Battenfeld Extrusionstechnik GmbH (Bad Oeynhausen, Germany) says it holds 70% of the market share for equipment used to produce large-diameter pipes from PVC and polyolefin. In the last two years, the company has shipped 15 large-diameter pipe extrusion lines to produce pipe with diameters ranging from 800-1600 mm.

These are all smooth-pipe lines, but the company has also delivered equipment for large-diameter corrugated pipes and wrapped tubes.

?The use of plastics pipes is on the increase worldwide because they are easy to lay, weigh less, and are free of deposits and corrosion. Moreover, they offer a long service life with high quality standards and only minimal environmental risk from leakages,? says P.J. Buriak, sales manager for the PE Pipe Div. at American Maplan.

In November 2005 American Maplan Corp. (AMC; McPherson, KS) teamed with Battenfeld Extrusionstechnik GmbH to engineer the biggest HDPE line in the U.S., according to Buriak. The line was 63 inches and purchased by three undisclosed North American companies. Buriak says the ?industry acceptance of large-diameter HDPE pipe is growing in the U.S. and elsewhere in North America, spurred in part by the success of such lines in Europe and by new grades of resin formulated for the market.? He says that the fact that the U.S. is adopting this technology after it became fairly common in Europe is no surprise. ?Plastics technology usually emanates from Europe and trickles into the U.S. five or six years later. The U.S. processors are not as apt to quickly adopt new technologies because they?re averse to change?they?d rather stick pins in their eyes.?

Although Buriak can?t disclose the companies that have purchased the machines, he says the primary use of the large-diameter pipe being produced on the machines is for mining applications.

AMC also has a 78-inch-diameter line on the drawing board, with some potential buyers knocking on the door but no takers, as of yet. Buriak thinks it will take time for the technology to become cost-effective, but that it will happen. The 78-inch-diameter pipe uses a 220-mm extruder with a throughput of around 5000 lb/hr. Although designed for large-diameter applications (defined by AMC as 30 inches or more), the line can also be used to produce pipe down to 30 inches or smaller, with additional tooling and downstream equipment.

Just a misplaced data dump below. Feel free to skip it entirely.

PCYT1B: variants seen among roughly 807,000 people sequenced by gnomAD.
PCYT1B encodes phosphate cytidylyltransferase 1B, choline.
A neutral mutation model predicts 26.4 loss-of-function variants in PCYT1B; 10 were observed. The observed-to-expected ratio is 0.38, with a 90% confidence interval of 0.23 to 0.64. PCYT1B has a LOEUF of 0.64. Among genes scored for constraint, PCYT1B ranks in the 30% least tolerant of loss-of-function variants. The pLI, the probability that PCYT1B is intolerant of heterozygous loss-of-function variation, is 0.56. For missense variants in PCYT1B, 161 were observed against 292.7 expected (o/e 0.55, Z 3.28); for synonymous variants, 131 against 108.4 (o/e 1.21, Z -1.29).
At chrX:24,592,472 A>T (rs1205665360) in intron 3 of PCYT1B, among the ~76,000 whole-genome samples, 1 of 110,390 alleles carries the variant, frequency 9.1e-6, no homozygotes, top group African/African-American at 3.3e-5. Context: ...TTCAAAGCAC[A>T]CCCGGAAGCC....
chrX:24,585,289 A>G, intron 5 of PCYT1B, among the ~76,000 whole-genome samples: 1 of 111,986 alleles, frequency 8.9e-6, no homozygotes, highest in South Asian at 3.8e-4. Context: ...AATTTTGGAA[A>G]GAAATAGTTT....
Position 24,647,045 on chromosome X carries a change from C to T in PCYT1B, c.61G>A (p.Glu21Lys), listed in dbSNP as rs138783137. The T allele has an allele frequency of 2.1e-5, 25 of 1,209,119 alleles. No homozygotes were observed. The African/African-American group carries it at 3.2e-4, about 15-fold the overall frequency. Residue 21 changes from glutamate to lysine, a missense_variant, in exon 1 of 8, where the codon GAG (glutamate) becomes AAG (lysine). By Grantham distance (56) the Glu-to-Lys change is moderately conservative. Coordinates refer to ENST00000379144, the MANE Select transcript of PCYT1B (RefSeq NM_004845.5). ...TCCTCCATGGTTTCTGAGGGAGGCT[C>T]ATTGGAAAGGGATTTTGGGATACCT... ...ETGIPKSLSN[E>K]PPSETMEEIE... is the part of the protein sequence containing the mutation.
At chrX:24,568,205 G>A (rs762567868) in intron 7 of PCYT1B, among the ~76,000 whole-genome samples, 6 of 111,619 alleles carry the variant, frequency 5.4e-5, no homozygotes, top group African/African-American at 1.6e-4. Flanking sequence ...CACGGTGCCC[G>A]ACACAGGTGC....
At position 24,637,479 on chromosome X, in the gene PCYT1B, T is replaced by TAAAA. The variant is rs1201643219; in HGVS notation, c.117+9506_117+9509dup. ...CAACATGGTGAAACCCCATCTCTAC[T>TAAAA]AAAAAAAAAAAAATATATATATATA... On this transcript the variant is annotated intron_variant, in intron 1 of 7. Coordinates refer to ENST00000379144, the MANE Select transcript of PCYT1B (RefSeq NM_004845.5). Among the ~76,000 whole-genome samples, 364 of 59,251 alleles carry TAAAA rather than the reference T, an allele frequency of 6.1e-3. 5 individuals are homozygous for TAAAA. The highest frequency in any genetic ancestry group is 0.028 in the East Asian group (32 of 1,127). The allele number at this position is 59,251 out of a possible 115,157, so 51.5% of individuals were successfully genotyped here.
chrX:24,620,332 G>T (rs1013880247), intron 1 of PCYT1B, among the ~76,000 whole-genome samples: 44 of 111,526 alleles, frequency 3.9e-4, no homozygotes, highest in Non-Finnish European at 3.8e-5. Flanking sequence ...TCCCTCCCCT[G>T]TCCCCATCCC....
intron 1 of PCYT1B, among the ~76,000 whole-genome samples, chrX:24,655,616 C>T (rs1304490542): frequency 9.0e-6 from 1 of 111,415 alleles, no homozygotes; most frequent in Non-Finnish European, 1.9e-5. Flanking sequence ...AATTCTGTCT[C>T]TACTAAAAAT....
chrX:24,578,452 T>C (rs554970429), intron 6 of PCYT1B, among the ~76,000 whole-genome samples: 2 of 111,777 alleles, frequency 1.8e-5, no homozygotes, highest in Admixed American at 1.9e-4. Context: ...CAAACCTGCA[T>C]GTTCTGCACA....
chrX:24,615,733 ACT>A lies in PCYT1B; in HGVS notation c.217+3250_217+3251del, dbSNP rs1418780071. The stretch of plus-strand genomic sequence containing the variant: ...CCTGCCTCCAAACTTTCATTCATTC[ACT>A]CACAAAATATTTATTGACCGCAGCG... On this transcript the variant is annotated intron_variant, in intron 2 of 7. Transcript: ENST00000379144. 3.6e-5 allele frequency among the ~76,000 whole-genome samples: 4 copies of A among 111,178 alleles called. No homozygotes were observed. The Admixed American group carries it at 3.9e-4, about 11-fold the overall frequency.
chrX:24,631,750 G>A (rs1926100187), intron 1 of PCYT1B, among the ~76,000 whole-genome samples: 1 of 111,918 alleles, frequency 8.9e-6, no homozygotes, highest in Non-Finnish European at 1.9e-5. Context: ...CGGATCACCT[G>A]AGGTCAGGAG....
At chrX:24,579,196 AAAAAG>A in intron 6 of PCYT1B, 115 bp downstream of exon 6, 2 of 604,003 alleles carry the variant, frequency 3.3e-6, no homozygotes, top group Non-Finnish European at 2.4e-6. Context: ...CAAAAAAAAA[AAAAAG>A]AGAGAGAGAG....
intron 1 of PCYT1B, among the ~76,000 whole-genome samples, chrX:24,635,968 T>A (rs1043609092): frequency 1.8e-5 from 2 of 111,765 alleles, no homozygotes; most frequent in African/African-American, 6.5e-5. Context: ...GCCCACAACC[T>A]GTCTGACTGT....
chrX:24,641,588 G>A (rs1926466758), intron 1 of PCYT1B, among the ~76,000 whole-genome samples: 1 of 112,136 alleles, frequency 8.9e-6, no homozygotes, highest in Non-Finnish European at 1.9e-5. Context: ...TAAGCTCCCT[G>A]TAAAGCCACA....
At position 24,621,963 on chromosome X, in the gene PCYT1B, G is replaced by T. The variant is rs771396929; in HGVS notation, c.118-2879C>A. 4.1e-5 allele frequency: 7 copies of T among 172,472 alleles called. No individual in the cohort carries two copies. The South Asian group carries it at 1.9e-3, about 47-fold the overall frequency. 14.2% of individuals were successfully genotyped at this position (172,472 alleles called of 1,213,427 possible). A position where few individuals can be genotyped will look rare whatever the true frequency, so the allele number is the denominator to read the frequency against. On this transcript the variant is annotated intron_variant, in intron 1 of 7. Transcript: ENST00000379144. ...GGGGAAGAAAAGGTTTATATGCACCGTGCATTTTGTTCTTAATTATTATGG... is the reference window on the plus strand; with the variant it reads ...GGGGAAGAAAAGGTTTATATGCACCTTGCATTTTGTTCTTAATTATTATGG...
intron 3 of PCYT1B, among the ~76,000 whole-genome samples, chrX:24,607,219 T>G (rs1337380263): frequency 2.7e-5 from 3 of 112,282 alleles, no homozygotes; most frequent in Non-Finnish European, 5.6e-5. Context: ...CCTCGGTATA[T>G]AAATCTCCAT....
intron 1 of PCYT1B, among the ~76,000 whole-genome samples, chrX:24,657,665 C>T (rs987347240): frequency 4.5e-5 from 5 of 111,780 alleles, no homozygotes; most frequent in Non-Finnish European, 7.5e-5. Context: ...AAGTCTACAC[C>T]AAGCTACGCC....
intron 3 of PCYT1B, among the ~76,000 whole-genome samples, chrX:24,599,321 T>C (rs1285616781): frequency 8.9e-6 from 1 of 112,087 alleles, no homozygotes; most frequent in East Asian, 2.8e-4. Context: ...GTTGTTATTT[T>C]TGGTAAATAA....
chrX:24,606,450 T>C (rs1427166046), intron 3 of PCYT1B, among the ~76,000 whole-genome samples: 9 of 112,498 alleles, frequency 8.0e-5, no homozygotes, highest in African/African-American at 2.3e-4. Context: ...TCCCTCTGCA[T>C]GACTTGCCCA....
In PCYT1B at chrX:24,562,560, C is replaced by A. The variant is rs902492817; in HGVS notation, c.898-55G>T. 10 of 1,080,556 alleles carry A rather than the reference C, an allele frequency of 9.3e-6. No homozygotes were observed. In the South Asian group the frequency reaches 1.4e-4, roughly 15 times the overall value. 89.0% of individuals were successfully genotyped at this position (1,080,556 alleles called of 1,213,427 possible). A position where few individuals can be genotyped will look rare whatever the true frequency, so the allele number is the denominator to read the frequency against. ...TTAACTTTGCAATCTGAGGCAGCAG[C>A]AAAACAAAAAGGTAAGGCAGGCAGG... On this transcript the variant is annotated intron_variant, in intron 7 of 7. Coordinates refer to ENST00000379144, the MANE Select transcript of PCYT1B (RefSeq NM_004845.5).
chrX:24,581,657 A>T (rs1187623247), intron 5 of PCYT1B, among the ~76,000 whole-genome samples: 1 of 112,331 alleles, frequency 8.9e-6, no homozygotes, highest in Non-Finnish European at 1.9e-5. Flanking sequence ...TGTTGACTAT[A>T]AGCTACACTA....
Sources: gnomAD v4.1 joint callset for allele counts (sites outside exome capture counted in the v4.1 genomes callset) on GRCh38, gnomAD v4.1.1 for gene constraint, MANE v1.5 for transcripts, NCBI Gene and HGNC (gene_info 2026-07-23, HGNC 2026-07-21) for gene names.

AMC recently launched its newest die in polyolefin pipe extrusion. The VSI die head incorporates 30% more holes than the previous model to reduce the total surface area needed, thus providing a more homogeneous melt and better wall-thickness control. Buriak says these improvements have enlarged the die?s processing window so it can accommodate a full range of pipe diameters?from 32-1600 mm?at outputs from 350-1200 kg/hr.

High-output Foam

Berstorff GmbH (Hannover, Germany) recently delivered two complete extrusion lines to Penoplex Holding (Kirishi, Russia), a manufacturer of XPS insulation boards in Russia. The lines were commissioned for the company?s new facility in Perm, Russia and offer a total throughput rate of more than 2000 kg/hr. The Schaumtandex ZE 60/KE 150 and the ZE 75/KE 250 extruders were delivered as well as inline board processing, recycling, and packaging units.

?The throughput rate of a foam extrusion line is not only determined by the plasticizing performance of the primary extruder but also by the cooling capacity of the secondary,? says Berstorff. The combination of the twin-screw and single-screw extruders maximizes this capability, according to the company.

Foam insulation boards are in high demand in Europe, where they are used primarily in insulation material for cellar walls and floor panels in the building. In extreme climates, the boards are used to insulate oil and gas pipelines.

In April, Krauss-Maffei (Florence, KY) announced that it had supplied a Russian processor with a polyurethane (PU) metering system capable of output at around 6.6 kg/s, which, according to the company, sets a new record in PU processing. The system is designed for foam insulation of large-diameter heating pipe shipped to Russia. The newest machine is part of a system that produces pipe sections up to 12m long, with a diameter of the outer layer up to 1200 mm for heating networks. The reactive PU system fills the space between the inner pipe and the PE outer layer with foam. ?Applying foam insulation effective in pipe of this size requires a PU machine capable of delivering extremely high output,? says Krauss-Maffei. The company engineered the system to minimize pressure losses, so that mixing performance stays constant even with the very high output.

Sign up for the PlasticsToday NewsFeed newsletter.

You May Also Like